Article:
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Impotence Predicts Heart Attacks, Diabetes

Men who are impotent are at increased risk for heart attacks and diabetes. (Atherosclerosis, February 2011). The two most common causes of impotence are blood vessel disease (arteriosclerosis) or lack of the male hormone, testosterone. When a man lacks testosterone, he usually has little or no sexual desire. On the other hand, if he still has desire, his testosterone is usually normal but his blood vessels are usually damaged and the same damage that occurs in the penis also occurs in the arteries leading to his heart.

Lack of male hormones is strongly associated with increased blood levels of triglycerides and the bad LDL cholesterol that increase risk for metabolic syndrome, obesity, diabetes, high blood pressure and atherosclerosis. Giving testosterone to men deficient in that hormone lowers levels of triglycerides and the bad LDL cholesterol, and helps to slow the progression of blood vessel damage.

All men who have difficulty achieving erections need to get blood tests for diabetes (HBA1C), testosterone, prolactin (a hormone that causes impotence and is produced by a brain tumor), cholesterol and triglycerides, and have their blood pressure checked. Most of these men will have serious blood vessel damage from arteriosclerosis and will need a program that includes *losing weight if overweight, *starting a supervised exercise program, *restricting refined carbohydrates (sugared drinks and foods made from flour), fried foods and red meat, *increasing intake of fruits and vegetables, and *checking their vitamin D3 (should be greater than 75 nmol/L).

Men who need testosterone replacement should not take testosterone pills because they go from the intestines to the liver to lower the good HDL cholesterol and increase risk for heart attacks. They should use a route that bypasses the liver such as testosterone injections or testosterone gel that is rubbed on the skin.


Dear Dr. Mirkin: What causes osteoarthritis of the knee?

We do not know, but a report from Japan shows that people who have osteoarthritis are far more likely to be overweight and have high blood pressure, high cholesterol and high blood sugar levels (The Journal of Rheumatology, published online February 15, 2011). Each risk factor for diabetes increases a person's chances further of having knee osteoarthritis.

When you have knee pain, your doctor orders many tests to see if you suffer from an overactive immunity such as rheumatoid arthritis, an infection such as a type of reactive arthritis, crystal disease such as gout, or trauma, such as an old football injury. If he finds none of these, he diagnoses osteoarthritis. Osteoarthritis may be caused by many things, but the most common causes are the degenerative diseases of western civilization associated with obesity, lack of exercise, eating too much food, and perhaps eating too much of the wrong foods such as refined carbohydrates and meat, and too little fruits and vegetables. It may be that when you are under-active and overeat, you fill up your fat cells. and the full fat cells turn on your immunity to destroy the cartilage in your knees and other joints.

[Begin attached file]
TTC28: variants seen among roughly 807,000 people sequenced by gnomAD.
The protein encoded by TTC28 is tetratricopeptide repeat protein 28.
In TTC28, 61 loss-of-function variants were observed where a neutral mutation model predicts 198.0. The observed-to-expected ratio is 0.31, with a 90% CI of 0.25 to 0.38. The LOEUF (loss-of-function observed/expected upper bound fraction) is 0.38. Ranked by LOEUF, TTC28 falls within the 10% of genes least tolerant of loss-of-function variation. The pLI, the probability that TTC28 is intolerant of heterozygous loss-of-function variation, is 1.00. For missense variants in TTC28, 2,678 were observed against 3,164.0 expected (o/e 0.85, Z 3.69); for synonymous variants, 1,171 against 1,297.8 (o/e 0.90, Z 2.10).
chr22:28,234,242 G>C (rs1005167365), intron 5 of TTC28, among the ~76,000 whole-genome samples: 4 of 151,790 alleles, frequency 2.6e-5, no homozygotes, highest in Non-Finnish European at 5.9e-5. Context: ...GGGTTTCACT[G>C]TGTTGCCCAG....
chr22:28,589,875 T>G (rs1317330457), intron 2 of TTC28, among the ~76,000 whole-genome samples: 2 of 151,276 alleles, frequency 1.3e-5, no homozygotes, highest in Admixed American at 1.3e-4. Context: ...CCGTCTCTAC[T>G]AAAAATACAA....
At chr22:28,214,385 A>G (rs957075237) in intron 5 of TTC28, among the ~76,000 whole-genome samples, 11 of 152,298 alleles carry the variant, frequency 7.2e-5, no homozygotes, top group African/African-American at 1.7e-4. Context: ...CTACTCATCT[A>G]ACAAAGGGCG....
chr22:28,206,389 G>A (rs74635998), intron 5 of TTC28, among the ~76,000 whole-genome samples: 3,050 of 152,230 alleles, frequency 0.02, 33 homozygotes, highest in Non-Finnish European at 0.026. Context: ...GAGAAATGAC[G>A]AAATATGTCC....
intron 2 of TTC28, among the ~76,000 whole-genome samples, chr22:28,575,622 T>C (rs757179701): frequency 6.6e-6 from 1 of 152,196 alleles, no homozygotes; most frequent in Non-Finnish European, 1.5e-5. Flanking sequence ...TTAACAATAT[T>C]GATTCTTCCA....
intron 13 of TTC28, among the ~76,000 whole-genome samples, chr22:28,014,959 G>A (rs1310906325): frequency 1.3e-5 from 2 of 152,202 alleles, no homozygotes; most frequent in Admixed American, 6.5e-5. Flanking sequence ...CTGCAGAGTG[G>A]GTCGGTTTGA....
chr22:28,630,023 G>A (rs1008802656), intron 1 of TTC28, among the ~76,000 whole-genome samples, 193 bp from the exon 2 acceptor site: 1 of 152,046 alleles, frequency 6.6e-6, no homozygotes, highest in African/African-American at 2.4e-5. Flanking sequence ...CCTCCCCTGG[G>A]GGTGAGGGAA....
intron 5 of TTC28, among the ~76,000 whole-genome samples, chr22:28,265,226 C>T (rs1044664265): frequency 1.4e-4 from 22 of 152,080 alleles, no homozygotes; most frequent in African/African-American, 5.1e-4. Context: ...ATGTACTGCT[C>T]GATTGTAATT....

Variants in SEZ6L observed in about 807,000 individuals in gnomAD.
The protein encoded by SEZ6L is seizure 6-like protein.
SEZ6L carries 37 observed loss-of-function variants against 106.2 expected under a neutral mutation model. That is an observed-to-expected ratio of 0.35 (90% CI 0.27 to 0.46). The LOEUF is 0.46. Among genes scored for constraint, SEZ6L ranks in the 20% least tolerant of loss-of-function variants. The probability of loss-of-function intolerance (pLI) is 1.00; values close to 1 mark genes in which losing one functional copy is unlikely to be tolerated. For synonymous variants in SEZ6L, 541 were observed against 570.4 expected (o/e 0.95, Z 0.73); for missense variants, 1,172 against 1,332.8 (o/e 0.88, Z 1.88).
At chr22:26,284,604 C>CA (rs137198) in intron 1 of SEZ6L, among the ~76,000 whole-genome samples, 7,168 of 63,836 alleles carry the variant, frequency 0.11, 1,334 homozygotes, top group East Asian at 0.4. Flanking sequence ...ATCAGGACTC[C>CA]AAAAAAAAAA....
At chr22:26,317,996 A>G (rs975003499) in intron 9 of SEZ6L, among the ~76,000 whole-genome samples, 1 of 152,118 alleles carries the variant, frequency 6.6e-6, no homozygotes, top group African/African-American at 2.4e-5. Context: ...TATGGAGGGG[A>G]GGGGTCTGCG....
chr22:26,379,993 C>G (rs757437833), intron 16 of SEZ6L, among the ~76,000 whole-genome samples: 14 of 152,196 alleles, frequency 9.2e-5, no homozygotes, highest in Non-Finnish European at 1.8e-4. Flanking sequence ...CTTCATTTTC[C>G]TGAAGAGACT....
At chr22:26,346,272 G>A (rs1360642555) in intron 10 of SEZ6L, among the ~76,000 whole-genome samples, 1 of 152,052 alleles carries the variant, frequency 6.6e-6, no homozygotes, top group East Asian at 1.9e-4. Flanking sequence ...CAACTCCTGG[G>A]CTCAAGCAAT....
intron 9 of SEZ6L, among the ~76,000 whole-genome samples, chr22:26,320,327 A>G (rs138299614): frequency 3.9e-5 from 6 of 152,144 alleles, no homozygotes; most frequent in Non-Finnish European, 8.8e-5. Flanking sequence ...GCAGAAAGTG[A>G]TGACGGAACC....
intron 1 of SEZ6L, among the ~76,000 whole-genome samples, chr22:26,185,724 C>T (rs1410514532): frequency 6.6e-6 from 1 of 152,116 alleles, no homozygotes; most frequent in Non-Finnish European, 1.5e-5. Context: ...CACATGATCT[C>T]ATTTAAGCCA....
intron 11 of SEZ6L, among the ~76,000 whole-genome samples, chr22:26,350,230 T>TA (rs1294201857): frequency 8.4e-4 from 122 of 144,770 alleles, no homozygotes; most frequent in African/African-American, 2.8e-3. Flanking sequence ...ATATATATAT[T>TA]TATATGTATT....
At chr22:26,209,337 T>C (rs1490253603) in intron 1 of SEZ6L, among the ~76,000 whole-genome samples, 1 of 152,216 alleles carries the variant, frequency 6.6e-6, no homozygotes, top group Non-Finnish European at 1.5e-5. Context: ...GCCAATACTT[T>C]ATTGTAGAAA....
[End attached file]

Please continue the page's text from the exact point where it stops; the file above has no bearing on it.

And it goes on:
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Dear Dr. Mirkin: Can having low levels of vitamin D cause diabetes?

Probably. Low blood levels of vitamin D are associated with diabetes and high blood pressure (Diabetes Care, January 31, 2011). Men and women with borderline high blood sugar (100-125) and high systolic blood pressure (120-129) are 2.4 times more likely to be deficient in vitamin D. They also have substantially larger waist circumferences and higher blood triglycerides, and lower good HDL cholesterol.

Before insulin can do its job of driving sugar into cells, it must first attach on special hooks, called insulin receptors on each cell. Lack of vitamin D prevents insulin from attaching to its receptors on cells. So insulin cannot do its job and blood sugar levels rise, which causes the pancreas to release huge amounts of insulin. Then the following events occur to comprise the metabolic syndrome that precedes diabetes:

• High Triglycerides - Insulin converts the elevated blood sugar to triglycerides.
• High Cholesterol - The liver takes triglyceride molecules and cholesterol molecules to form a lipoprotein that eventually is converted to the bad LDL cholesterol that damages arteries.
• Low Good HDL Cholesterol - as triglycerides flood the bloodstream, the good HDL cholesterol is used up carrying triglycerides from the bloodstream to the liver.
• Fat Belly - Insulin causes fat to be deposited in the belly and around organs.
• High Blood Pressure: Insulin constricts arteries to raise blood pressure.

In another study, diabetics were given 1)yogurt, 2)yogurt with vitamin D, or 3)yogurt with vitamin D and added calcium. Both groups given vitamin D had much lower blood sugar levels than those given just yogurt (American Journal of Clinical Nutrition, published online February 2, 2011).


Recipe of the Week:

Eggplant Sauce for Whole Grains or Pasta

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February 27th, 2011
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About the Author: Gabe Mirkin, MD

Sports medicine doctor, fitness guru and long-time radio host Gabe Mirkin, M.D., brings you news and tips for your healthful lifestyle. A practicing physician for more than 50 years and a radio talk show host for 25 years, Dr. Mirkin is a graduate of Harvard University and Baylor University College of Medicine. He is board-certified in four specialties: Sports Medicine, Allergy and Immunology, Pediatrics and Pediatric Immunology. The Dr. Mirkin Show, his call-in show on fitness and health, was syndicated in more than 120 cities. Read More
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